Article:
Engaged employees improve the bottom line.

Does CSR matter to your company?

Dave Kinnear1-On Leadership

Isn’t it enough to keep people employed and earn a profit?

The short answers to those two questions are: yes Corporate Social Responsibility (CSR) matters and no it isn’t enough to just employ people and earn a profit; and it never really has been otherwise. The truth is that now there is more transparency (like it or not) around what companies and business owners are doing. And there is obviously much discontent over the widening gap between the “haves” and the “have nots” or, if you will, between the 1% and the 99% to use the now quite ubiquitous rallying cry of the Occupy Wall Street Crowd.

I’ve noticed an increase in the number of business speakers who are “pitching” employee engagement as a critical discipline for the coming year. Why? Well, for one thing, as the economy improves, we will need to do more to keep our key employees. If you’ve had to cut back on wages, bonuses and benefits, you may want to do whatever you can to restore those wages, bonuses and benefits. If we are not able to do that for profitability and cash flow reasons, then we will need to find other ways to encourage employee involvement in our enterprise. Green Research found that 80% of major corporations are planning to invest significantly in employee engagement in 2012. According to Gallup, 86% of engaged employees say they feel happy at work compared to only 11% of those employees who feel disengaged. So what does this all mean to the company? Companies with high levels of employee engagement saw increases in their bottom line. Towers Watson calculated improvements on average of 19.2% for engaged organizations and a decline in bottom line results of almost 33% for those companies scoring in the lower levels of employee engagement.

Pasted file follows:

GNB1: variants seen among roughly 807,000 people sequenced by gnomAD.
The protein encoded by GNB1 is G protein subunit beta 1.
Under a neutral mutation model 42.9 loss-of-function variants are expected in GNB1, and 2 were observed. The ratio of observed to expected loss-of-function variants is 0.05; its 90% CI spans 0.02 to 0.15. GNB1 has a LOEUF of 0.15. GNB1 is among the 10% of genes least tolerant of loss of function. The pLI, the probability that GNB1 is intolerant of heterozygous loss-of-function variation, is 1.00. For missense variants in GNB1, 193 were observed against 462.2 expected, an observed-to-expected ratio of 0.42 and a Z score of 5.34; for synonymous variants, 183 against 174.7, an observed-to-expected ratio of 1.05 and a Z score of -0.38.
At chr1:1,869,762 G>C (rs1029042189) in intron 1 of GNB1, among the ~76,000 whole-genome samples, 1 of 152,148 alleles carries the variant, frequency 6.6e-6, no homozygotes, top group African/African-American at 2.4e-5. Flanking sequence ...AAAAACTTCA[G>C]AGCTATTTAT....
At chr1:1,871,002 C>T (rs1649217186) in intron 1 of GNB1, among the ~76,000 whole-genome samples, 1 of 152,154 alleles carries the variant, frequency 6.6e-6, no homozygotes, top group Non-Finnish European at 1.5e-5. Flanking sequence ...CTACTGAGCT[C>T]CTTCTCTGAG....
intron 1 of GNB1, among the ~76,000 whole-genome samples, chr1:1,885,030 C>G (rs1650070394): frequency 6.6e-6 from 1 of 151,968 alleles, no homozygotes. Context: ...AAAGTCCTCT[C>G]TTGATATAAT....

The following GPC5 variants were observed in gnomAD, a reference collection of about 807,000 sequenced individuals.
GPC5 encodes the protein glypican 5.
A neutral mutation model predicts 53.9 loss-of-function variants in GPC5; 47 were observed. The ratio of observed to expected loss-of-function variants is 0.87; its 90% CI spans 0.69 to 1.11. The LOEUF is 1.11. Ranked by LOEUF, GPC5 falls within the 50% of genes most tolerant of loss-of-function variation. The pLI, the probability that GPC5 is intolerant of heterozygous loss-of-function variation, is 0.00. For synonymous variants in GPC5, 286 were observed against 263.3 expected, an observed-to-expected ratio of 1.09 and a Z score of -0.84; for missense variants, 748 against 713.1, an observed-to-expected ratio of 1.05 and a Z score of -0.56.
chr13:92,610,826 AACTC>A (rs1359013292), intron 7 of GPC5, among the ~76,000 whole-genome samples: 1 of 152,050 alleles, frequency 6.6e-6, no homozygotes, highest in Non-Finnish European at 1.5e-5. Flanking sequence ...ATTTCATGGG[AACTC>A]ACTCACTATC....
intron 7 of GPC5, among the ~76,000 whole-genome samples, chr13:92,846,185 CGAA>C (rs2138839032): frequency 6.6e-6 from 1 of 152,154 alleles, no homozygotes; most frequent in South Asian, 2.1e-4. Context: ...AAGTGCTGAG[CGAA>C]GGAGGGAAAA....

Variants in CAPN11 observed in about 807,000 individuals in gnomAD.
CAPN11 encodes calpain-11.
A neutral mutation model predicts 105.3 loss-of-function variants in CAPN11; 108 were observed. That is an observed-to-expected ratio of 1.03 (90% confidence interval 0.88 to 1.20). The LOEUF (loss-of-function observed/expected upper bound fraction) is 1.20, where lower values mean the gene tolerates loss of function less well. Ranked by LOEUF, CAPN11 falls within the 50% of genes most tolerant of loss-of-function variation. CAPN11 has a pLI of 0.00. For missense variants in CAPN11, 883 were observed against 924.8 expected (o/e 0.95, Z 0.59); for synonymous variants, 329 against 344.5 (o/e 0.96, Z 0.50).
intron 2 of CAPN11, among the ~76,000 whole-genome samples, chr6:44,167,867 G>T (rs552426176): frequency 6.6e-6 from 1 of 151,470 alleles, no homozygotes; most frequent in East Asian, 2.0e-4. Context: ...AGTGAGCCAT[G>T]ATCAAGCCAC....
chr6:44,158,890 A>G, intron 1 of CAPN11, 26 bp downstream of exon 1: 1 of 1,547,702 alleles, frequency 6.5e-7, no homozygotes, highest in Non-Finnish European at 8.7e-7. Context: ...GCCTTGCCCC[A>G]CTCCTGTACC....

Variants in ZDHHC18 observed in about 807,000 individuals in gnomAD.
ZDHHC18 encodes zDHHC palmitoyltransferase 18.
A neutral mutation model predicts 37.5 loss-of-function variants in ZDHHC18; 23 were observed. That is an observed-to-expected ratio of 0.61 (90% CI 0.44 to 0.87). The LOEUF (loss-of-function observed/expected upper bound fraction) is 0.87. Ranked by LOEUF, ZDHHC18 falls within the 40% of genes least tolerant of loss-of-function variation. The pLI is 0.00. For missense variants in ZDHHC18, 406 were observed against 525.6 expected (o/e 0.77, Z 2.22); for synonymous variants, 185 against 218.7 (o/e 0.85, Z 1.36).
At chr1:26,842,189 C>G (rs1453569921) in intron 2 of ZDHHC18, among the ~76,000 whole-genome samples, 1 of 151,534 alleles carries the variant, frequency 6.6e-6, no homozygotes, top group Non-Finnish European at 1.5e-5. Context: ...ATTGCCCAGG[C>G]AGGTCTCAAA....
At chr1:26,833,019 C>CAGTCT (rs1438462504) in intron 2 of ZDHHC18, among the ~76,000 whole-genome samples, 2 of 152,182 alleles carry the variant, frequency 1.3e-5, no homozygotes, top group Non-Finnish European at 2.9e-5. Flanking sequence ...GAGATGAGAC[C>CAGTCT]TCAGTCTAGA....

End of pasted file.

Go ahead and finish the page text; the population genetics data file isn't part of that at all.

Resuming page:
One of the ways employees feel engaged is if they are allowed to volunteer their time for causes they support. Many companies are finding ways to support their employees by giving them time, or allowing them to “earn” time that they can volunteer for an appropriate charity organization. Some companies are even exploring the idea of partnering with a not for profit organization and giving their employees an opportunity to volunteer, raise funds, etc. The Social Enterprise movement is pairing for-profit businesses with not-for-profit businesses so that there is a cross-learning opportunity. The not-for-profit organization may have some great ideas for employee engagement since they spend much of their time getting volunteers energized around a mission. The for-profit company can share best practices for containing costs, continuous improvement of processes and managing the paid staff properly. It is a win-win situation in most cases.

As social media continues to grow (businesses are finding the new Google+ to be a great platform) and mature, businesses are finding that they have no choice but to be catering to their customers who often use these platforms almost exclusively. These tools are also used by the consumer to determine the quality of the vendor they are considering. They look for referrals and/or ranking by their friends. They do not believe paid advertisements. Companies have to be involved with the social media sites if for no other reason than to know what is being said about their brands and to know what is going on in their community. The social responsibility part of all this is to make sure that the company is engaged in the community.

The National Association of Corporate Directors sent out a Public Company Governance Survey and found that the highest priority at 72% of the respondents was strategic planning and oversight while only 2% put CSR at the top of their priorities. This suggests that many boards will be working to catch up to their more nimble and media savvy competitors. If the trends in transparency, CSR and employee engagement continues, then we will soon find that “good business” is not only the norm, but a requirement to compete.